Most of us geeks really value reading, so it’s no wonder that there are so many gadgets and devices and apps designed to facilitate that process for our kids. I have to admit that I’m a huge proponent for reading out loud to kids, and I think one of the best ways to encourage a love of books in your kids is for them to see you reading a lot. That said, I also can’t deny that sometimes an app or a device has a lot more patience in repeating the same exercises or stories over and over again, so there’s also value in finding something that hooks your kids.
My kids are 12, 9, and 3—the oldest was already reading by the time I got my iPad and started trying out reading apps, and the middle one had a little more tech-based learning. But the youngest is the one who has really seen a lot of these newest developments: apps that incorporate physical objects, like the Osmo system or Marbotic Smart Letters. The latest product we’ve gotten to try is the Square Panda phonics playset, which pairs with an iPad to let you play with letters.
First, the specs: the Square Panda playset works with the iPad 3 and 4 and all generations of iPad Air, iPad mini, and iPad Pro. There’s a large plastic base, 12.5 inches wide, 9.5 inches tall, with a sort of stair-stepped shape so that it sits at an angle. The top of the base has a compartment that stores the letters, and the lid for the compartment has some rubberized strips to help keep the iPad from sliding around. It retails for $119 and can be ordered directly from the company’s website.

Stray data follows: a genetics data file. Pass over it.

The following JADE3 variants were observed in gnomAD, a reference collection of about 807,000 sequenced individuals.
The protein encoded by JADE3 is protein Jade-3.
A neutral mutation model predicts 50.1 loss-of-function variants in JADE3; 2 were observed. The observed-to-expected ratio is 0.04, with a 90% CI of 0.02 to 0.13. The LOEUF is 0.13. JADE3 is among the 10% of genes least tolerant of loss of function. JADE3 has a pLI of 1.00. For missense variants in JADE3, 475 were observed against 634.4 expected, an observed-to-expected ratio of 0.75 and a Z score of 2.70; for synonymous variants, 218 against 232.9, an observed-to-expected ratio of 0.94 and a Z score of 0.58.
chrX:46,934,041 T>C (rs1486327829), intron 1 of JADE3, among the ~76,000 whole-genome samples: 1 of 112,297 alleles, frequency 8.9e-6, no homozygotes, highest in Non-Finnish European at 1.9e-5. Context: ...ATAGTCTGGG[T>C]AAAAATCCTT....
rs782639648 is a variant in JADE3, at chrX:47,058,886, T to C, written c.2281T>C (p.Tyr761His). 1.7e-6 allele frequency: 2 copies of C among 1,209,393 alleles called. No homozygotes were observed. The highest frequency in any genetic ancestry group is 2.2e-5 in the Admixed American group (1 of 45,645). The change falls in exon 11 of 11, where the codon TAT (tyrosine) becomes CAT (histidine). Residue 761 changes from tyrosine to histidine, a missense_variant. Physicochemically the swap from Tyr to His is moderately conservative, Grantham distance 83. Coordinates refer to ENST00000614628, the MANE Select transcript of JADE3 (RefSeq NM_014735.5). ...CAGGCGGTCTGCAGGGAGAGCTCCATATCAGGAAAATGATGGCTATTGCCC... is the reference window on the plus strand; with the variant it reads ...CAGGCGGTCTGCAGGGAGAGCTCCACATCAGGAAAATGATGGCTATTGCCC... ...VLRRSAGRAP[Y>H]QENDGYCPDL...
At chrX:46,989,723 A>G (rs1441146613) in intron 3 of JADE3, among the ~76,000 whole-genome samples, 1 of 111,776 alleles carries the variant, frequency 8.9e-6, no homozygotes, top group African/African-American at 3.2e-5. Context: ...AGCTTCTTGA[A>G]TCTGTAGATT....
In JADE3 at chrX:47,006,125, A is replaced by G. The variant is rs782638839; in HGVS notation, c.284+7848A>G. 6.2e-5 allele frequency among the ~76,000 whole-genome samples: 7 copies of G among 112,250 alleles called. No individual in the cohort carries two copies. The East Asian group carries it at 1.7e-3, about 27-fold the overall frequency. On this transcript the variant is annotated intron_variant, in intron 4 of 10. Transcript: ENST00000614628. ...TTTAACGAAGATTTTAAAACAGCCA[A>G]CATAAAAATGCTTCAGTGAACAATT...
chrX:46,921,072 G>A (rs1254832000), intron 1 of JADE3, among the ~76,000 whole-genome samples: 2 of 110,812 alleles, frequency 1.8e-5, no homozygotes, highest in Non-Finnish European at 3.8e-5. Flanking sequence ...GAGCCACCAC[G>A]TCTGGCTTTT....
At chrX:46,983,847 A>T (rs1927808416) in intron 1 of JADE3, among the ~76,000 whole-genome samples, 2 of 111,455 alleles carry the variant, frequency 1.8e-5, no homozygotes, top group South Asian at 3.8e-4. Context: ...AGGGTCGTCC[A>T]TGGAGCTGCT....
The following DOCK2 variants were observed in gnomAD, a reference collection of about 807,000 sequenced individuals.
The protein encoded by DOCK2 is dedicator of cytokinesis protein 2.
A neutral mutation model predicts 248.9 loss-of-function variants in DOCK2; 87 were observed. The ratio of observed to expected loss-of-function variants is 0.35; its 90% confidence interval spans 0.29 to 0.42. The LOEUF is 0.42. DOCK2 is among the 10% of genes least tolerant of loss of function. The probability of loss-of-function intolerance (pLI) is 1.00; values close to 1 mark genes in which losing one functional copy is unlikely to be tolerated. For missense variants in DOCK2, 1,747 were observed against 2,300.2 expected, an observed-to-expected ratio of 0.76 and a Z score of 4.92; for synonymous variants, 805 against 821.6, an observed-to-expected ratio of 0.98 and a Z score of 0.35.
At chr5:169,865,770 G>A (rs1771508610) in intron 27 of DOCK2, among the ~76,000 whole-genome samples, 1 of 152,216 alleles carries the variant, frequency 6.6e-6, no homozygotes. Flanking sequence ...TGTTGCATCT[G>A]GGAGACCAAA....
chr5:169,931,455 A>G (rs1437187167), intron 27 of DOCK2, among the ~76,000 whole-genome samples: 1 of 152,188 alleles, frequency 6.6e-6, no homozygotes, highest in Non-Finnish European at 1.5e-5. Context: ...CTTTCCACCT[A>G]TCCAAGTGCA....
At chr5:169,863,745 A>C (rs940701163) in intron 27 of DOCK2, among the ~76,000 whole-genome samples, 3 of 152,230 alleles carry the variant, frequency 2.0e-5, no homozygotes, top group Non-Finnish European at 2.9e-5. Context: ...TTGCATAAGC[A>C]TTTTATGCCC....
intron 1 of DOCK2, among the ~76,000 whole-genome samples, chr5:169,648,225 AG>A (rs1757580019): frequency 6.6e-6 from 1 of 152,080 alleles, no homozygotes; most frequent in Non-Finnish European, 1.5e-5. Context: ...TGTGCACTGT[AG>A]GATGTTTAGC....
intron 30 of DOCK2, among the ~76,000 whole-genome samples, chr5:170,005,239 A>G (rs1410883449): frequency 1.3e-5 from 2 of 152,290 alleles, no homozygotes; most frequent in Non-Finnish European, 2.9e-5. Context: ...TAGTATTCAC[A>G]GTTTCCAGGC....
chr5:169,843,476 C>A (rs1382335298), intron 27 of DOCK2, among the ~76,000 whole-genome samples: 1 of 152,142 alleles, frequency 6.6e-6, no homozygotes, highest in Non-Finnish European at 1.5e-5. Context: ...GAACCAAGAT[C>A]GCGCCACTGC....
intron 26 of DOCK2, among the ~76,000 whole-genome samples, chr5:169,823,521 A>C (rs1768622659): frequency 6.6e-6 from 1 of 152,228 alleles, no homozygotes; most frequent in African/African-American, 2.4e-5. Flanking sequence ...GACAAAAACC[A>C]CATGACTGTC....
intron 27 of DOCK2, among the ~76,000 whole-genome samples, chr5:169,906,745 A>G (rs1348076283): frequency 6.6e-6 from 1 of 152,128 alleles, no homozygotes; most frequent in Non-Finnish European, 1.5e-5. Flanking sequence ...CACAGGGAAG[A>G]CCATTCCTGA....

There are 45 letters included: they look a bit like those plastic alphabet magnets; the consonants are purple and the vowels are yellow, and there are multiple copies of the more commonly used letters. The base has eight slots at the bottom that can hold letters, and there’s also a blue light below each slot that indicates whether it is recognizing the letter in the slot. The whole thing runs on 4 AA batteries (included), and it connects to your iPad via Bluetooth.
The apps allow for up to 3 profiles, so up to three kids can have their own names and avatars. For some of the apps, you can set a reading level so that the three profiles can be individualized, but I haven’t noticed any sort of learning history or anything else that would benefit from the separate profiles. The parental controls are accessed by holding down the gear icon for a certain amount of time, and then entering in a series of numbers that are spelled out—younger kids who can’t read yet won’t know what to do, but if they do learn to read, then they can probably access it themselves, too.